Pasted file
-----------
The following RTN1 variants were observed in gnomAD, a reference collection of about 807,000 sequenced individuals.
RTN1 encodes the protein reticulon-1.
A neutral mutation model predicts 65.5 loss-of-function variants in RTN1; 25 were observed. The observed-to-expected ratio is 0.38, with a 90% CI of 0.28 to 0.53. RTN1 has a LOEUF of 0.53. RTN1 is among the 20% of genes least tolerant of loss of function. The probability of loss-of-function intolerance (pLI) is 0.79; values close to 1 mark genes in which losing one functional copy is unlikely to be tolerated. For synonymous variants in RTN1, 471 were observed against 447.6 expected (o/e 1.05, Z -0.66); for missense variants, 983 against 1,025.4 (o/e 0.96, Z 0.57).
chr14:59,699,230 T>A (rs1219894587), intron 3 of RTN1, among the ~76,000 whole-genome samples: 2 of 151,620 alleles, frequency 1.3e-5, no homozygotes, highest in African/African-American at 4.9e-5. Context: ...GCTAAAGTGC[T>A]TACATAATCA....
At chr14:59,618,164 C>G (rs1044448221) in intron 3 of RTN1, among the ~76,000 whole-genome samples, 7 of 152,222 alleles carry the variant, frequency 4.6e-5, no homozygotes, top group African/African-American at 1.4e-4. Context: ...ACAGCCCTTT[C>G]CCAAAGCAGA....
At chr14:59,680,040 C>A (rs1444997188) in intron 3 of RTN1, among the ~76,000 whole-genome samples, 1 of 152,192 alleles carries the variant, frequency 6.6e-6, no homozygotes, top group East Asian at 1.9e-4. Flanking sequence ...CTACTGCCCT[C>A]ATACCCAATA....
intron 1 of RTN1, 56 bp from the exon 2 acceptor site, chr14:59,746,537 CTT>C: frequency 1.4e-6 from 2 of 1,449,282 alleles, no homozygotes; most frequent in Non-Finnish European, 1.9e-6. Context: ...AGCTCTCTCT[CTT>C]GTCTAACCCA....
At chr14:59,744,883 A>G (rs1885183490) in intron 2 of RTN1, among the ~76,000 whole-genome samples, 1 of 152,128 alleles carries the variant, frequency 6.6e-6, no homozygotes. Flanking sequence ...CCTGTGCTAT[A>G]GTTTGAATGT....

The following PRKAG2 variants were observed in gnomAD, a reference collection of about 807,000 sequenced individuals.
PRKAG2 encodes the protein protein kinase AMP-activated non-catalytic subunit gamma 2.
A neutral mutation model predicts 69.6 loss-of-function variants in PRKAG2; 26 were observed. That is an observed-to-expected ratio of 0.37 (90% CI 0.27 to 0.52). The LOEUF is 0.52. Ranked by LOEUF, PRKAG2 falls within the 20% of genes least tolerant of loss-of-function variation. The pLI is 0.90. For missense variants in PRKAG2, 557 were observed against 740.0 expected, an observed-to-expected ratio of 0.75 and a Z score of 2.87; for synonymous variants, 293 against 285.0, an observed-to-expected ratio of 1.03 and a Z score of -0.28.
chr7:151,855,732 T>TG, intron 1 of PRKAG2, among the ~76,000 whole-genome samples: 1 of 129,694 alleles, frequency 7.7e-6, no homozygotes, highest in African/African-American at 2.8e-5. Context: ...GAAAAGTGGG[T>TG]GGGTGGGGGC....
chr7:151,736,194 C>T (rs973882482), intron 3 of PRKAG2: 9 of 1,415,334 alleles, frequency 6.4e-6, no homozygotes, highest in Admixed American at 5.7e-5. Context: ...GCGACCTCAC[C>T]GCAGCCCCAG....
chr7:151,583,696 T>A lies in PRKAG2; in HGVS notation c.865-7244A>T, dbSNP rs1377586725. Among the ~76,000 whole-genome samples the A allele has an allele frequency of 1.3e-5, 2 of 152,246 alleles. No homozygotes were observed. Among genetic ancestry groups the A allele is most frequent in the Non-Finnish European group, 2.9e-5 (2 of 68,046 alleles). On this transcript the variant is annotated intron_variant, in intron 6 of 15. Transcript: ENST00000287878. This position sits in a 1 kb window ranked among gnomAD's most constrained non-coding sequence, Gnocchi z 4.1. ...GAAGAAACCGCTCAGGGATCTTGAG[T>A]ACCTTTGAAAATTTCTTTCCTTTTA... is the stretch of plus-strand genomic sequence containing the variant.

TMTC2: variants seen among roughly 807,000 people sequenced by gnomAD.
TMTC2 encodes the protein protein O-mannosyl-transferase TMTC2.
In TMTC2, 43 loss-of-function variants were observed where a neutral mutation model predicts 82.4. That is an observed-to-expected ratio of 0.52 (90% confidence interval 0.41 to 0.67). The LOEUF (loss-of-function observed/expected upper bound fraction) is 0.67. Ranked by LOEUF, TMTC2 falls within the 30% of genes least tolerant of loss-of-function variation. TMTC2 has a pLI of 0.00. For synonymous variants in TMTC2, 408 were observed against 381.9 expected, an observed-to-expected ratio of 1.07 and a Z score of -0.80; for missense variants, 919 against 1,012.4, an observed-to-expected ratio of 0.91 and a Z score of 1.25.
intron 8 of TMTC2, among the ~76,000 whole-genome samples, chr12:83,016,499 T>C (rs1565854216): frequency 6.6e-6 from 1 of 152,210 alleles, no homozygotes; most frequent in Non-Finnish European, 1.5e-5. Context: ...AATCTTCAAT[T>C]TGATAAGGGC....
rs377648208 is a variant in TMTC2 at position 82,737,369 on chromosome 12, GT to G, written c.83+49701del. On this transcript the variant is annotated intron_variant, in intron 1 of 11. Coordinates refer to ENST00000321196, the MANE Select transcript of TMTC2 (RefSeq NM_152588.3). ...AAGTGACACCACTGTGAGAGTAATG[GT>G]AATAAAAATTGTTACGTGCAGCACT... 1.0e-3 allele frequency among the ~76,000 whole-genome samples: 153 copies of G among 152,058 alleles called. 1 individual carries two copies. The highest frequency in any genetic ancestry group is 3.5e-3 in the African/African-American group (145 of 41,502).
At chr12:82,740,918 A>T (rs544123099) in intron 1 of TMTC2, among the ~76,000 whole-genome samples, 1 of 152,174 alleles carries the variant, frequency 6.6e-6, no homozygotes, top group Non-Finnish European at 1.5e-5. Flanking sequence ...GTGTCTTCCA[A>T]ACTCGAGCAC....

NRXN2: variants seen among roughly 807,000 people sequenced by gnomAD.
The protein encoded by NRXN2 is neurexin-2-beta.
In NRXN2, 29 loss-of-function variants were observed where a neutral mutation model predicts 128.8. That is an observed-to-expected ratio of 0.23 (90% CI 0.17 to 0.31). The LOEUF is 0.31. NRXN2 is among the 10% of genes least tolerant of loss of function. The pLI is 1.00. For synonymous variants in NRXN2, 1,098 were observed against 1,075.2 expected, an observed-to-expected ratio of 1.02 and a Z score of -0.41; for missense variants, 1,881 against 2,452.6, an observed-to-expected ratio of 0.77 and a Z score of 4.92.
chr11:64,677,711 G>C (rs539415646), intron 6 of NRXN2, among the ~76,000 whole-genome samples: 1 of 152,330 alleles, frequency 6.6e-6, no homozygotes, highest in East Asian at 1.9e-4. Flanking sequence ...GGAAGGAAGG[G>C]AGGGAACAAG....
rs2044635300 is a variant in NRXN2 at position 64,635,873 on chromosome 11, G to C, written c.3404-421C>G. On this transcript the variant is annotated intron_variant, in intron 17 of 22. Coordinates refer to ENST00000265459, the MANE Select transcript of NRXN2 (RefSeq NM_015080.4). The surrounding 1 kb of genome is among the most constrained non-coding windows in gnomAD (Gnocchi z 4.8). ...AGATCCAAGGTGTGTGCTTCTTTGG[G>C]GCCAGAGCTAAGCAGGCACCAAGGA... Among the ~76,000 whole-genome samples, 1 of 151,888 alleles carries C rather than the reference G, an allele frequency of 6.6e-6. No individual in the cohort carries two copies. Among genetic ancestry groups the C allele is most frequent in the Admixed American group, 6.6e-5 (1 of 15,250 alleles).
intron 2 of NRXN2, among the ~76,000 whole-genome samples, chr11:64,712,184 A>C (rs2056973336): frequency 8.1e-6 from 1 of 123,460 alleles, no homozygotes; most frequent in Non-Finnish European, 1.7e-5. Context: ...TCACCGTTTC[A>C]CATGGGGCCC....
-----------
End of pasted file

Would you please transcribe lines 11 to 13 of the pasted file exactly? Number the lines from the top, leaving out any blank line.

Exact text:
A neutral mutation model predicts 69.6 loss-of-function variants in PRKAG2; 26 were observed. That is an observed-to-expected ratio of 0.37 (90% CI 0.27 to 0.52). The LOEUF is 0.52. Ranked by LOEUF, PRKAG2 falls within the 20% of genes least tolerant of loss-of-function variation. The pLI is 0.90. For missense variants in PRKAG2, 557 were observed against 740.0 expected, an observed-to-expected ratio of 0.75 and a Z score of 2.87; for synonymous variants, 293 against 285.0, an observed-to-expected ratio of 1.03 and a Z score of -0.28.
chr7:151,855,732 T>TG, intron 1 of PRKAG2, among the ~76,000 whole-genome samples: 1 of 129,694 alleles, frequency 7.7e-6, no homozygotes, highest in African/African-American at 2.8e-5. Context: ...GAAAAGTGGG[T>TG]GGGTGGGGGC....
chr7:151,736,194 C>T (rs973882482), intron 3 of PRKAG2: 9 of 1,415,334 alleles, frequency 6.4e-6, no homozygotes, highest in Admixed American at 5.7e-5. Context: ...GCGACCTCAC[C>T]GCAGCCCCAG....